Ardea ciconia Linnaeus, 1758, Sweden. Two subspecies.
OTHER COMMON NAMES
English: White stork; French: Cigogne blanche; German: Weisstorch; Spanish: Cigьeсa Blanca.
Length 39–40 in (100–102 cm), wingspan 61–65 in (155–165cm); 5.1–9.7 lb (2.3–4.4 kg). Mostly white with black on wings and red/orange bill and legs.
Summer breeding population in Europe and western Asia, wintering in tropical Africa and India. A resident population also in South Africa.
Open spaces without tall and thick vegetation, frequently in or near wetlands. Will nest in towns and villages.
Less gregarious than other storks, but migrates in groups. Adept at soaring on thermals during long migrations along well-defined routes. Uses bill-clattering in displays.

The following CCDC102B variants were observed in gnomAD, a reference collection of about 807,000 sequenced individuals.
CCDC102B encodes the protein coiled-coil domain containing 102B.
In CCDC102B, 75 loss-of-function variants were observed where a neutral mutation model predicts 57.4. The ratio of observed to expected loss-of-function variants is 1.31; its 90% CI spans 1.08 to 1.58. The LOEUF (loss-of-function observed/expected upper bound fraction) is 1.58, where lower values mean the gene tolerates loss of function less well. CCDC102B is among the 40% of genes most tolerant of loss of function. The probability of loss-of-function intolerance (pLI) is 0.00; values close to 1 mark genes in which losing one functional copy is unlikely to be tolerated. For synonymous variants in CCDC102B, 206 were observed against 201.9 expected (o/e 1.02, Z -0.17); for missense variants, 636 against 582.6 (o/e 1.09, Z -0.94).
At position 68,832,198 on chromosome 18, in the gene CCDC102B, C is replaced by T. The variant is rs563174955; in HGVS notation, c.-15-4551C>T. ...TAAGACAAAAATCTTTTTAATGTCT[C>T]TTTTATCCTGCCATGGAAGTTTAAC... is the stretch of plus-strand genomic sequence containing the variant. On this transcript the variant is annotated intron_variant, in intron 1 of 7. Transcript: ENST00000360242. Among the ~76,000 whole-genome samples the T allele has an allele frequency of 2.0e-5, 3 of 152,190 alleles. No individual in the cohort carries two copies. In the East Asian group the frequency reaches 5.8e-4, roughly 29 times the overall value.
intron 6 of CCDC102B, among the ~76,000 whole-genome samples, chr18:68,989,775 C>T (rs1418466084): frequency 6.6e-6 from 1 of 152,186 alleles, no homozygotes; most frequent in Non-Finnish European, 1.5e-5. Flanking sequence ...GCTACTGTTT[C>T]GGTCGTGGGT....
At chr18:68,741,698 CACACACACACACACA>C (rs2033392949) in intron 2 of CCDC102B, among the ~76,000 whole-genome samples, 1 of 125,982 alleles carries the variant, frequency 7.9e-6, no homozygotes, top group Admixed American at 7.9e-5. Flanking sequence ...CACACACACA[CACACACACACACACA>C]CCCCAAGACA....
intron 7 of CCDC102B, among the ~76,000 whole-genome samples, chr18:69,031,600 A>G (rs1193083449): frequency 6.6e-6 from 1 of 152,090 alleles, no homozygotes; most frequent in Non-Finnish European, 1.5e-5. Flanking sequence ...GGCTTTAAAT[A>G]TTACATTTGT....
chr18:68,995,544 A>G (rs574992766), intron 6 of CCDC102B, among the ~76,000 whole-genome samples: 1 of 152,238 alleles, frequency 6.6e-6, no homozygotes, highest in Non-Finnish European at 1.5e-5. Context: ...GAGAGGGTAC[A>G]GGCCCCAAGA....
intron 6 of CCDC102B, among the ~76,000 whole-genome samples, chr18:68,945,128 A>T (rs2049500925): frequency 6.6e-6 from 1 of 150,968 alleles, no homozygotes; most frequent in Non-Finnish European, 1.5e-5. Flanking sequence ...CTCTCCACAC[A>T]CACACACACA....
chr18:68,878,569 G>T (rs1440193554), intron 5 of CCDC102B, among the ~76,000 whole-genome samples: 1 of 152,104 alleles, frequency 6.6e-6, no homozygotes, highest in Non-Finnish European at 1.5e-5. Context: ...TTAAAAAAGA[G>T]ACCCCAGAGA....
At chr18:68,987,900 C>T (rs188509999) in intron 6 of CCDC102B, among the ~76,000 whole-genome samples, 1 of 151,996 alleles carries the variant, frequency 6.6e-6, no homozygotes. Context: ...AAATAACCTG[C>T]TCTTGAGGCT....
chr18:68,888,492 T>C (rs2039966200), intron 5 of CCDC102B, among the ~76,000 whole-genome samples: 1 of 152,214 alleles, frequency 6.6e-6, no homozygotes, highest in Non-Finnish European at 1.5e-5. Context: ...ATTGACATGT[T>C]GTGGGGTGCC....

FEEDING ECOLOGY AND DIET
Varied diet of animal matter, from insects and earthworms, to lizards, snakes, and amphibians. Locates prey by sight.
In temperate north, nesting starts between February and April. Nests are large constructions of sticks lined with a variety of soft natural or human-made objects located in trees or on suitably tall human-made structures. Loosely colonial, but may nest alone. Clutch size averages four eggs, incubation 33–34 days, fledging 58–64 days.
Significant local declines in Western Europe, where it is Threatened. Declines linked to the reduction of swarms of locusts (an important source of food) in west African wintering grounds, and reduction of food-rich habitats in breeding areas as a result of the intensification of agriculture. Also threatened by hunting and collisions with power lines.
SIGNIFICANCE TO HUMANS
Traditionally a popular bird, nesting on houses is welcomed as conferring good fortune and fertility to householders. Also some economic value as pest controllers.
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